Kilovoltage projection streaming-based tracking application (KiPSTA): First clinical implementation during spine stereotactic radiation surgery

Jihun Kim, Yang Kyun Park, David Edmunds, Kevin Oh, Gregory C. Sharp, Brian Winey

Research output: Contribution to journalArticle

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Abstract

Purpose: This study aimed to develop a linac-mounted kilovoltage (kV) projection streaming-based tracking method for vertebral targets during spine stereotactic radiation surgery and evaluate the clinical feasibility of the proposed spine tracking method. Methods and materials: Using real-time kV projection streaming within XVI (Elekta XVI), kV–projection-based tracking was applied to the target vertebral bodies. Two-dimensional in-plane patient translation was calculated via an image registration between digitally reconstructed radiographs (DRRs) and kV projections. DRR was generated from the cone beam computed tomography (CBCT) scan, which was obtained immediately before the tracking session. During a tracking session, each kV projection was streamed for an intensity gradient-based image with similar metric-based registration to the offset DRR. The ground truth displacement for each kV beam angle was calculated at the beam isocenter using the 6 degrees-of-freedom transformation that was obtained by a CBCT-CBCT rigid registration. The resulting translation by the DRR-projection registration was compared with the ground truth displacement. The proposed tracking method was evaluated retrospectively and online, using 7 and 5 spine patients, respectively. Results: The accuracy and precision of spine tracking for in-plane patient motion were 0.5 ± 0.2 and 0.2 ± 0.1 mm. The magnitude of patient motion that was estimated using the CBCT-CBCT rigid registration was (0.5 ± 0.4, 0.4 ± 0.3, 0.3 ± 0.3) mm and (0.3 ± 0.4, 0.2 ± 0.2, 0.5 ± 0.6) mm for all tracking sessions. The intrafraction motion was within 2 mm for all CBCT scans considered. Conclusions: This study demonstrated that the proposed spine tracking method can track intrafraction motion with sub-millimeter accuracy and precision, and sub-second latency.

Original languageEnglish (US)
Pages (from-to)682-692
Number of pages11
JournalAdvances in Radiation Oncology
Volume3
Issue number4
DOIs
StatePublished - Oct 1 2018

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Cone-Beam Computed Tomography
Spine
Radiation

ASJC Scopus subject areas

  • Oncology
  • Radiology Nuclear Medicine and imaging

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Kilovoltage projection streaming-based tracking application (KiPSTA) : First clinical implementation during spine stereotactic radiation surgery. / Kim, Jihun; Park, Yang Kyun; Edmunds, David; Oh, Kevin; Sharp, Gregory C.; Winey, Brian.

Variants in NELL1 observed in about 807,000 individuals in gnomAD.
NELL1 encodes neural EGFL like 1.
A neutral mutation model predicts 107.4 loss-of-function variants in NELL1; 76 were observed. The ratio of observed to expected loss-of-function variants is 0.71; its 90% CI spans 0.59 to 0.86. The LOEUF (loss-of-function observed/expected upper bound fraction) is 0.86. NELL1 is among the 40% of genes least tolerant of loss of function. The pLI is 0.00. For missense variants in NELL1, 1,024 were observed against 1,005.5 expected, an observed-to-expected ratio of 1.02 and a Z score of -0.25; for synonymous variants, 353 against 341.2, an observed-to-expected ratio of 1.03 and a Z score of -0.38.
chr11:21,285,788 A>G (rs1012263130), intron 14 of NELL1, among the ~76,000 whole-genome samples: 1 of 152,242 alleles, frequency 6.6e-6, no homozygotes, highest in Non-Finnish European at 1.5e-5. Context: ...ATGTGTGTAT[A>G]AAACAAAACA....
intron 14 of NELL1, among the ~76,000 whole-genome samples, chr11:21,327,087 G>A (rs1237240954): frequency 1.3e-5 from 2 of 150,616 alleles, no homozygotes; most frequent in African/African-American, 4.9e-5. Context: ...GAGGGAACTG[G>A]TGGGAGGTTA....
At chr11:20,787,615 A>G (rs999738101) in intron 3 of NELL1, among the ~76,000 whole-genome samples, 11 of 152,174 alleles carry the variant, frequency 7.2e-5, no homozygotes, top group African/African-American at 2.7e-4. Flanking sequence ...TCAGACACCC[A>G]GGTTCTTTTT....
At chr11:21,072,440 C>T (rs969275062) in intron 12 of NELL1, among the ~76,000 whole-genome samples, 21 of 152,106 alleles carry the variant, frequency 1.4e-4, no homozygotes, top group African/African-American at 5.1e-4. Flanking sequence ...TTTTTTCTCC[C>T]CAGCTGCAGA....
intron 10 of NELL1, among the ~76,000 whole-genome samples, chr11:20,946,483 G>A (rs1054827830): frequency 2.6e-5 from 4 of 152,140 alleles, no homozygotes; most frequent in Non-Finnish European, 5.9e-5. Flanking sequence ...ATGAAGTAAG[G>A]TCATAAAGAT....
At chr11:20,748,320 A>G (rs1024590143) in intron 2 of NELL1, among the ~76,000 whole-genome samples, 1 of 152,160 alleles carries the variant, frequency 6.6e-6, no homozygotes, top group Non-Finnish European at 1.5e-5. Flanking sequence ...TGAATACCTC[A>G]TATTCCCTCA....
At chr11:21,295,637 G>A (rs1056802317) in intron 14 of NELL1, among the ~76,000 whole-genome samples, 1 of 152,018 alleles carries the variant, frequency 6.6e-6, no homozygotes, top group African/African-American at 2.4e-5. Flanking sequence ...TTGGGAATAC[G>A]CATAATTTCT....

In: Advances in Radiation Oncology, Vol. 3, No. 4, 01.10.2018, p. 682-692.

Research output: Contribution to journalArticle

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abstract = "Purpose: This study aimed to develop a linac-mounted kilovoltage (kV) projection streaming-based tracking method for vertebral targets during spine stereotactic radiation surgery and evaluate the clinical feasibility of the proposed spine tracking method. Methods and materials: Using real-time kV projection streaming within XVI (Elekta XVI), kV–projection-based tracking was applied to the target vertebral bodies. Two-dimensional in-plane patient translation was calculated via an image registration between digitally reconstructed radiographs (DRRs) and kV projections. DRR was generated from the cone beam computed tomography (CBCT) scan, which was obtained immediately before the tracking session. During a tracking session, each kV projection was streamed for an intensity gradient-based image with similar metric-based registration to the offset DRR. The ground truth displacement for each kV beam angle was calculated at the beam isocenter using the 6 degrees-of-freedom transformation that was obtained by a CBCT-CBCT rigid registration. The resulting translation by the DRR-projection registration was compared with the ground truth displacement. The proposed tracking method was evaluated retrospectively and online, using 7 and 5 spine patients, respectively. Results: The accuracy and precision of spine tracking for in-plane patient motion were 0.5 ± 0.2 and 0.2 ± 0.1 mm. The magnitude of patient motion that was estimated using the CBCT-CBCT rigid registration was (0.5 ± 0.4, 0.4 ± 0.3, 0.3 ± 0.3) mm and (0.3 ± 0.4, 0.2 ± 0.2, 0.5 ± 0.6) mm for all tracking sessions. The intrafraction motion was within 2 mm for all CBCT scans considered. Conclusions: This study demonstrated that the proposed spine tracking method can track intrafraction motion with sub-millimeter accuracy and precision, and sub-second latency.",
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